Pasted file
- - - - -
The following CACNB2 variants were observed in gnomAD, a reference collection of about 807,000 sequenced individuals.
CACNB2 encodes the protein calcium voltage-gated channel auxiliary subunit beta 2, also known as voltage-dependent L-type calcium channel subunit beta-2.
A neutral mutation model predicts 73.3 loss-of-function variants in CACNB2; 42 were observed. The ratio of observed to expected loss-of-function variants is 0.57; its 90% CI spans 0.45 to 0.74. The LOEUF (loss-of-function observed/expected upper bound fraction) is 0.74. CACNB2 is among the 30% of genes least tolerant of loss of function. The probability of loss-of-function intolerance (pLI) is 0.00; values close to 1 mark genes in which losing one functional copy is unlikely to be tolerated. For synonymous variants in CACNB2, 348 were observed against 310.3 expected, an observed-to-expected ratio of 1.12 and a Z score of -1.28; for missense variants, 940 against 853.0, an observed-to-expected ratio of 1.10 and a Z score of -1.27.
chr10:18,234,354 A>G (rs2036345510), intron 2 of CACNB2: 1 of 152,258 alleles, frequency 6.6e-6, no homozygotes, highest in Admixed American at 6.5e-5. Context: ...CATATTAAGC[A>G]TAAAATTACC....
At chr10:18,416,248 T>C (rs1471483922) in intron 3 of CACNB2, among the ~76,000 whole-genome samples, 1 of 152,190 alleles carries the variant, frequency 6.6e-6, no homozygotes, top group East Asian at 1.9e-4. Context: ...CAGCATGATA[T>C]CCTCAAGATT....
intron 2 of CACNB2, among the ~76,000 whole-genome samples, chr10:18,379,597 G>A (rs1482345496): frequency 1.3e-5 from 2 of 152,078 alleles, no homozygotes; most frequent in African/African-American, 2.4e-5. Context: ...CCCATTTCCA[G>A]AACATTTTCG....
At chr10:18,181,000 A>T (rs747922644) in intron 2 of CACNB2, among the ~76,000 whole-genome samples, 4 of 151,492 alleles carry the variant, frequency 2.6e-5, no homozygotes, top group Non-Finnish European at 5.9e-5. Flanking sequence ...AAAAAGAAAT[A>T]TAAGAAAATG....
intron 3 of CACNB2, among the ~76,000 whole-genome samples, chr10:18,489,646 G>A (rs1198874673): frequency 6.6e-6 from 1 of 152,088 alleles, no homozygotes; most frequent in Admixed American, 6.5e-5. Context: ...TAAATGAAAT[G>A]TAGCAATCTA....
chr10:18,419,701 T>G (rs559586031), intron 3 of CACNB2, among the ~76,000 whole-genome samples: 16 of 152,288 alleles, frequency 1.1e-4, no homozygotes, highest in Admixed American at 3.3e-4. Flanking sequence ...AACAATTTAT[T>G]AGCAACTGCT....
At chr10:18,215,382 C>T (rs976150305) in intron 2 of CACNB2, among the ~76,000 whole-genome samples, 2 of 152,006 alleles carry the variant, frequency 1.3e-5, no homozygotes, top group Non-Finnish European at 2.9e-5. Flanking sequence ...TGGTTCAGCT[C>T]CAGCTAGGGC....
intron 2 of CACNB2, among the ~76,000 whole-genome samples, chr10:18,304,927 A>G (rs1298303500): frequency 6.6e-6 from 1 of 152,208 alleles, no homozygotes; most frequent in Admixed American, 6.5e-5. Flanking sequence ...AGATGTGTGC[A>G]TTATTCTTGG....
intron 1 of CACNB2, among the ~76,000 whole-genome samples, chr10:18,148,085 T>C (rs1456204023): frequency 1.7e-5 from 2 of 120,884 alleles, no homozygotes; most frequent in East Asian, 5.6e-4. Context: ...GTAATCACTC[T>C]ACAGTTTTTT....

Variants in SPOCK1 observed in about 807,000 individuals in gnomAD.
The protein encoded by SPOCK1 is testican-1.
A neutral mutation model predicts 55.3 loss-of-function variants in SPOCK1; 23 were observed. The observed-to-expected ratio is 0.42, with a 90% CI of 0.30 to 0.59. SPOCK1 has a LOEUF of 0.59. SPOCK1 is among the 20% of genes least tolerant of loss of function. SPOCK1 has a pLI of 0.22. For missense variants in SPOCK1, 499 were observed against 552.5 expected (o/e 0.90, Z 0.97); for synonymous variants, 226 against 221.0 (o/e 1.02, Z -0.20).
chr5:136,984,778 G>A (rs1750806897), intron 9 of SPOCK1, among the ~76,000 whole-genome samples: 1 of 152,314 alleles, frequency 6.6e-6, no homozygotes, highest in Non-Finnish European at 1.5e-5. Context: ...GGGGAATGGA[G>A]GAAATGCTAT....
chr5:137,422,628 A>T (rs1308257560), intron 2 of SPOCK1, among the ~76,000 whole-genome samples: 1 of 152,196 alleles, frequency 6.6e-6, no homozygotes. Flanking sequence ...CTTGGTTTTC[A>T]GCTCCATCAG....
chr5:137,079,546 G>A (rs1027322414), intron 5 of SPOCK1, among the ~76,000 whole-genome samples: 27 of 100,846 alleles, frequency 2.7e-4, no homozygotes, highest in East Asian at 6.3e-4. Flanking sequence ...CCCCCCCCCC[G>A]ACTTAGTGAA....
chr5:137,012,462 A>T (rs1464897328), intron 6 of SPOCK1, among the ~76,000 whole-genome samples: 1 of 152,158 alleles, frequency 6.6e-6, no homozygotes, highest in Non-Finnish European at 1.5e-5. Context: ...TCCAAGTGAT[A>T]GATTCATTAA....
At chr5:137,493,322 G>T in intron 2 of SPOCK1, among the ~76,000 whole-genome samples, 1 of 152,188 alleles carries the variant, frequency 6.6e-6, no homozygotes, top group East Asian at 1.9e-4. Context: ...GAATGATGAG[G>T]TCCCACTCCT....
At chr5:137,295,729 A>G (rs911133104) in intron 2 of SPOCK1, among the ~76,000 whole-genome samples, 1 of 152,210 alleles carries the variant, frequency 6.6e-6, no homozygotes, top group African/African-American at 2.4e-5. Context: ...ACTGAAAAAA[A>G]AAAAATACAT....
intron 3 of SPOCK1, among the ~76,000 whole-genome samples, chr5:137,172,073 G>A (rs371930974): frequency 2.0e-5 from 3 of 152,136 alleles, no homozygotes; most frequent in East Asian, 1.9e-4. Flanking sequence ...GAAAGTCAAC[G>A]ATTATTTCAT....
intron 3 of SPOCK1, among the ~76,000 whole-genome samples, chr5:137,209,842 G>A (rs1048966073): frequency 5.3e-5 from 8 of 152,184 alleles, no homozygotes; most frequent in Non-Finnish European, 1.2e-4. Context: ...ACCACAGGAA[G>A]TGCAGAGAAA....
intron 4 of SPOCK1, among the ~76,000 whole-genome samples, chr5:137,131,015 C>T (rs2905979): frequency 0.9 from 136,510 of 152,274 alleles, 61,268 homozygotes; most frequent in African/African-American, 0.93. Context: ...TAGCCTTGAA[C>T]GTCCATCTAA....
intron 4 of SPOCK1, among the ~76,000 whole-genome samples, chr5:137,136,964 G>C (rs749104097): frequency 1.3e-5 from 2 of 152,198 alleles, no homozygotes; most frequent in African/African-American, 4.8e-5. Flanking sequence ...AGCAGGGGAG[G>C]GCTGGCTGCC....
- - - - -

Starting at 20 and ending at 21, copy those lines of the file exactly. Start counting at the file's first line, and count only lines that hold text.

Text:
At chr5:137,493,322 G>T in intron 2 of SPOCK1, among the ~76,000 whole-genome samples, 1 of 152,188 alleles carries the variant, frequency 6.6e-6, no homozygotes, top group East Asian at 1.9e-4. Context: ...GAATGATGAG[G>T]TCCCACTCCT....
At chr5:137,295,729 A>G (rs911133104) in intron 2 of SPOCK1, among the ~76,000 whole-genome samples, 1 of 152,210 alleles carries the variant, frequency 6.6e-6, no homozygotes, top group African/African-American at 2.4e-5. Context: ...ACTGAAAAAA[A>G]AAAAATACAT....